Karen A. Yarbrough, Cook County Recorder of Deeds and Registrar of Titles, is a full-time administrator, overseeing a $12 million budget and 160 employees – the 2nd largest Recorder’s office in the United States. In that role, she has established herself as a national leader in the growing movement to change the office of county recorder from a place where property fraud happens, to a place where property fraud is confronted.
Yarbrough is a strong advocate for our nation’s open land records system, which allows regular people to easily acquire and finance property. In many countries that lack such a system, home and property ownership is impossible, and Yarbrough recognizes the important role her office plays in making America great.
While all the other countywide land offices in Cook are a part of the system to assess and collect property taxes, she is the only countywide advocate on behalf of property owners and home ownership.
In her first two years as Recorder, Yarbrough made fundamental changes to CCRD and the Office of County Recorder – adding advocacy to an office traditionally seen as a ministerial repository of documents. In addition to good stewardship of budgeted funds by doing more with less funding each year, she has made the Cook County Recorder’s Office a national model in the fight against property fraud. She advanced three laws through the legislature in 2013: Public Act 98-99 empowers county recorders to help property owners fight property fraud, and serves as model legislation for recorders across the country; Public Act 98-98 raises the penalty for knowingly filing false claims of interest or attempting to cloud a property title from a misdemeanor to a felony; and Public Act 98-29 requires Cook County notaries who validate transfers of property to maintain detailed records of each and forward them to the Cook County Recorder of Deeds office.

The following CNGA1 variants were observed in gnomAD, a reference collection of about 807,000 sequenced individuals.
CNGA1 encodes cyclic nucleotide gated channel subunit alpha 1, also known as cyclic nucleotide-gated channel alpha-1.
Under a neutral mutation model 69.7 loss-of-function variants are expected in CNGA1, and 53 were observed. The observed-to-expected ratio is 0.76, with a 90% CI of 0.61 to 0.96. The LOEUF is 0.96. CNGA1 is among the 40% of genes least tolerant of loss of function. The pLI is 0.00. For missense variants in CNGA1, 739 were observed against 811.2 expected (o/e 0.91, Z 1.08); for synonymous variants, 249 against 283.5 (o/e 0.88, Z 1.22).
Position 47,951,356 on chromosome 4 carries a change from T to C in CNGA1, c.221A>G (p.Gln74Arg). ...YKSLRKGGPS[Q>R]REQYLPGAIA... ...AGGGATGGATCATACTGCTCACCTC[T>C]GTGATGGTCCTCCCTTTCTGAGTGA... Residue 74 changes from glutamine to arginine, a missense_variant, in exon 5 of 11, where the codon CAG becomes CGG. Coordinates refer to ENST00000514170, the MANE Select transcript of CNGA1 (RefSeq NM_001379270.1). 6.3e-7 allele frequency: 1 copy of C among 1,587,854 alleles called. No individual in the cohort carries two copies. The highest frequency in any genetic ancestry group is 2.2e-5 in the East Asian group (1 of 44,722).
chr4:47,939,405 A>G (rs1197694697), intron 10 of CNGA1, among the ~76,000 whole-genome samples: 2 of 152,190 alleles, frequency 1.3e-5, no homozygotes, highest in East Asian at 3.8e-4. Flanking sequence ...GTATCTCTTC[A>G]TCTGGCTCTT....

In 2015, Recorder Yarbrough again went to the General Assembly to expand the protections and services offered by CCRD, advancing legislation to 1) allow individuals to utilize CCRD’s strong cybersecurity protections to digitally and privately store their last will and testament, 2) give new homeowners the chance to put an automated Property Fraud Alert on their home at the time of closing, and 3) allow her office to refuse certain fraudulent recordings meant to interfere with foreclosures that prevent communities from rebuilding.